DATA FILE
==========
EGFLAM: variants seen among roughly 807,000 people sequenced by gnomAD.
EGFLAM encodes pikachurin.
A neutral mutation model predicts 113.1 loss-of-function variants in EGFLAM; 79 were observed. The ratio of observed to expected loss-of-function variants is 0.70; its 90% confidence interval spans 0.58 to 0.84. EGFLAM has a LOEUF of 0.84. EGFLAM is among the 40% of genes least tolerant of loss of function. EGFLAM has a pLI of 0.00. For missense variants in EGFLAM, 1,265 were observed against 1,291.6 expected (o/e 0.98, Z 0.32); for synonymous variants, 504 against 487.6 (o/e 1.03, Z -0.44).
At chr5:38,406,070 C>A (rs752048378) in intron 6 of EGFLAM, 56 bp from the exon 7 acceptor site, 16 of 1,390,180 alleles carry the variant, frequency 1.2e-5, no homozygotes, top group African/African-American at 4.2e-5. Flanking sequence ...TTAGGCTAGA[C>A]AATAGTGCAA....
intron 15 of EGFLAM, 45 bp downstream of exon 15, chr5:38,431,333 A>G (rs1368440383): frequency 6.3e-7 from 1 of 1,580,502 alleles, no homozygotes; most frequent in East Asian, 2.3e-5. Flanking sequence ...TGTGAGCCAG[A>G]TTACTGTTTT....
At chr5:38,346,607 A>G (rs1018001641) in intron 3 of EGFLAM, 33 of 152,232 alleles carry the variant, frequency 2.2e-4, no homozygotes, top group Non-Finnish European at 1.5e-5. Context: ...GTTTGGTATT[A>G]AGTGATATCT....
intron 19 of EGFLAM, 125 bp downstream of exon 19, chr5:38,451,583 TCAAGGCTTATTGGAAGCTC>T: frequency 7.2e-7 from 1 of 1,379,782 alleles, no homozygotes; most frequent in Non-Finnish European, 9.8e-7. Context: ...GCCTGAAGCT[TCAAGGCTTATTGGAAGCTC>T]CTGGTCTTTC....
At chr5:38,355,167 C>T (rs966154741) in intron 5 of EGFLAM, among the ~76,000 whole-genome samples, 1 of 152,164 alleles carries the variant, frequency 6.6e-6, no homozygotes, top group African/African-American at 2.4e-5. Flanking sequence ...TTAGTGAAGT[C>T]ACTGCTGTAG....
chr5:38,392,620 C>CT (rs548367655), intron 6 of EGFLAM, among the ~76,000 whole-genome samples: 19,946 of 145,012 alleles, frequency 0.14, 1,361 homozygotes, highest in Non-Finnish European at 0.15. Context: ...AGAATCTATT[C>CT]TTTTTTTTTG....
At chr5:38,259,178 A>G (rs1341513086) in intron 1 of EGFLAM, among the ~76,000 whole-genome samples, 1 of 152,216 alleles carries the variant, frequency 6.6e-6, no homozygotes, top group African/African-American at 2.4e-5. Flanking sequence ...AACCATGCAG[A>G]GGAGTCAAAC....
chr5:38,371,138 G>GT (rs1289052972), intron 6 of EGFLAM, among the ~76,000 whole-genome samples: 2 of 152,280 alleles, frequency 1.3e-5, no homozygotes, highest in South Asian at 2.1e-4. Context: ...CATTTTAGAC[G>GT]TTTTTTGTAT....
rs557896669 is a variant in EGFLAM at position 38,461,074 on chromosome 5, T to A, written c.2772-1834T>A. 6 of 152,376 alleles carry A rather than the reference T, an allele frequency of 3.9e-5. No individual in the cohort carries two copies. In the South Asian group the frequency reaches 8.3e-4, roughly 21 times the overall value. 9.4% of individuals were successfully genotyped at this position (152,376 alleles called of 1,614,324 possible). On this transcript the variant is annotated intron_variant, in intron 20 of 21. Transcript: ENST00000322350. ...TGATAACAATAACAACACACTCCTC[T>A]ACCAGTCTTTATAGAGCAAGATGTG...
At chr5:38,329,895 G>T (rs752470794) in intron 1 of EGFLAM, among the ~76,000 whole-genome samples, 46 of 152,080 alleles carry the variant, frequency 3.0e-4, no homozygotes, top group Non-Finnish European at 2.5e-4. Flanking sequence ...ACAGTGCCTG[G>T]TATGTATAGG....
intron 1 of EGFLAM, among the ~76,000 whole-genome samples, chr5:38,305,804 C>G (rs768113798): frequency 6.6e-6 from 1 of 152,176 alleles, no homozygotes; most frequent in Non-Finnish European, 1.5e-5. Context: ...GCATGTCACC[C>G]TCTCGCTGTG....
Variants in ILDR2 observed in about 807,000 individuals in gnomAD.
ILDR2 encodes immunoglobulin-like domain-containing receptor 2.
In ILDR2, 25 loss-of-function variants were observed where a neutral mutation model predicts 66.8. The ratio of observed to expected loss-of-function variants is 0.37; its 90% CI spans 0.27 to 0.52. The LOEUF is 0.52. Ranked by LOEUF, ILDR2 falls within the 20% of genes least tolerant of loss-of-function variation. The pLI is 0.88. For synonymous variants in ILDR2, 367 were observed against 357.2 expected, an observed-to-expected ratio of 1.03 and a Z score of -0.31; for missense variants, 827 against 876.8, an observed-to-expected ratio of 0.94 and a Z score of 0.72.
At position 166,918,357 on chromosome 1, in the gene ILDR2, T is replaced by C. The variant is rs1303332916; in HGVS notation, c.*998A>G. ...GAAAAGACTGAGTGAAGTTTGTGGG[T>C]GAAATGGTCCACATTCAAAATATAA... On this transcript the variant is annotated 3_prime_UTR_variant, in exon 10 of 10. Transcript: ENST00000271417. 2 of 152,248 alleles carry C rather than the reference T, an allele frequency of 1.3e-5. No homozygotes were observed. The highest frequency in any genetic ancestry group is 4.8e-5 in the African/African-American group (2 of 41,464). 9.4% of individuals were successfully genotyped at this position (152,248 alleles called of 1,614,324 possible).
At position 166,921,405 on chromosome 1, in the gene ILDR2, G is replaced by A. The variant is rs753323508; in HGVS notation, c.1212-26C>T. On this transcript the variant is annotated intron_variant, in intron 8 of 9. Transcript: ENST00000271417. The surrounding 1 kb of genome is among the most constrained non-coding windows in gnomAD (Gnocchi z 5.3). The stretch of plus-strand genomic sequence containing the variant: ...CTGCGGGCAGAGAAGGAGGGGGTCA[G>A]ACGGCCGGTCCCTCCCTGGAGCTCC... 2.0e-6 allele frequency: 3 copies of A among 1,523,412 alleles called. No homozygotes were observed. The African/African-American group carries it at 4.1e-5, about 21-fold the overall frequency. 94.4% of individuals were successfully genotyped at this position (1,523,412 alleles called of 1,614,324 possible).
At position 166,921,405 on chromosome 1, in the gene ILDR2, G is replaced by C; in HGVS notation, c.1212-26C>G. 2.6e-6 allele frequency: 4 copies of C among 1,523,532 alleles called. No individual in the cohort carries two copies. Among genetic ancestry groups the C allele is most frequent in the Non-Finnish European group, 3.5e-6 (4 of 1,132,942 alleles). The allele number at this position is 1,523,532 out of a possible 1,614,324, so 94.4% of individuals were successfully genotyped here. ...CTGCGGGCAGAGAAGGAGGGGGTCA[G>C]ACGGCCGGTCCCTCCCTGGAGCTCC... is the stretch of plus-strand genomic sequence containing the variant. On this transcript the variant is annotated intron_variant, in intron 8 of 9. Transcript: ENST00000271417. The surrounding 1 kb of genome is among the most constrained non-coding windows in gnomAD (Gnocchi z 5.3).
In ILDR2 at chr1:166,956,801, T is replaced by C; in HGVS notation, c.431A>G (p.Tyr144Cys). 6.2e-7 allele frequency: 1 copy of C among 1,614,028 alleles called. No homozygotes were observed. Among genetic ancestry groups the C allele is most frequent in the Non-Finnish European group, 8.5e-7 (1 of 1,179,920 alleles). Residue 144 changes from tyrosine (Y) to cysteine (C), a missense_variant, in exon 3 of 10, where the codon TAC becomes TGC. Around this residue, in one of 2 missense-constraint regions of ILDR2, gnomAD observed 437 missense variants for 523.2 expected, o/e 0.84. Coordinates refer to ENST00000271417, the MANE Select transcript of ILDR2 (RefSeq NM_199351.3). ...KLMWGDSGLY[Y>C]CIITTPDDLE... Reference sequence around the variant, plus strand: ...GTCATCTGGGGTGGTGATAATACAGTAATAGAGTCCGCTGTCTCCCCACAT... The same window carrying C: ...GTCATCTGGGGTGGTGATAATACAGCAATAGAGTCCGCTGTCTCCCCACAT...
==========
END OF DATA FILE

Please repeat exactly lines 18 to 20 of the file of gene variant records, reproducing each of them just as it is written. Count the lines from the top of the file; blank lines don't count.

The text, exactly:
At position 166,918,357 on chromosome 1, in the gene ILDR2, T is replaced by C. The variant is rs1303332916; in HGVS notation, c.*998A>G. ...GAAAAGACTGAGTGAAGTTTGTGGG[T>C]GAAATGGTCCACATTCAAAATATAA... On this transcript the variant is annotated 3_prime_UTR_variant, in exon 10 of 10. Transcript: ENST00000271417. 2 of 152,248 alleles carry C rather than the reference T, an allele frequency of 1.3e-5. No homozygotes were observed. The highest frequency in any genetic ancestry group is 4.8e-5 in the African/African-American group (2 of 41,464). 9.4% of individuals were successfully genotyped at this position (152,248 alleles called of 1,614,324 possible).
At position 166,921,405 on chromosome 1, in the gene ILDR2, G is replaced by A. The variant is rs753323508; in HGVS notation, c.1212-26C>T. On this transcript the variant is annotated intron_variant, in intron 8 of 9. Transcript: ENST00000271417. The surrounding 1 kb of genome is among the most constrained non-coding windows in gnomAD (Gnocchi z 5.3). The stretch of plus-strand genomic sequence containing the variant: ...CTGCGGGCAGAGAAGGAGGGGGTCA[G>A]ACGGCCGGTCCCTCCCTGGAGCTCC... 2.0e-6 allele frequency: 3 copies of A among 1,523,412 alleles called. No homozygotes were observed. The African/African-American group carries it at 4.1e-5, about 21-fold the overall frequency. 94.4% of individuals were successfully genotyped at this position (1,523,412 alleles called of 1,614,324 possible).
At position 166,921,405 on chromosome 1, in the gene ILDR2, G is replaced by C; in HGVS notation, c.1212-26C>G. 2.6e-6 allele frequency: 4 copies of C among 1,523,532 alleles called. No individual in the cohort carries two copies. Among genetic ancestry groups the C allele is most frequent in the Non-Finnish European group, 3.5e-6 (4 of 1,132,942 alleles). The allele number at this position is 1,523,532 out of a possible 1,614,324, so 94.4% of individuals were successfully genotyped here. ...CTGCGGGCAGAGAAGGAGGGGGTCA[G>C]ACGGCCGGTCCCTCCCTGGAGCTCC... is the stretch of plus-strand genomic sequence containing the variant. On this transcript the variant is annotated intron_variant, in intron 8 of 9. Transcript: ENST00000271417. The surrounding 1 kb of genome is among the most constrained non-coding windows in gnomAD (Gnocchi z 5.3).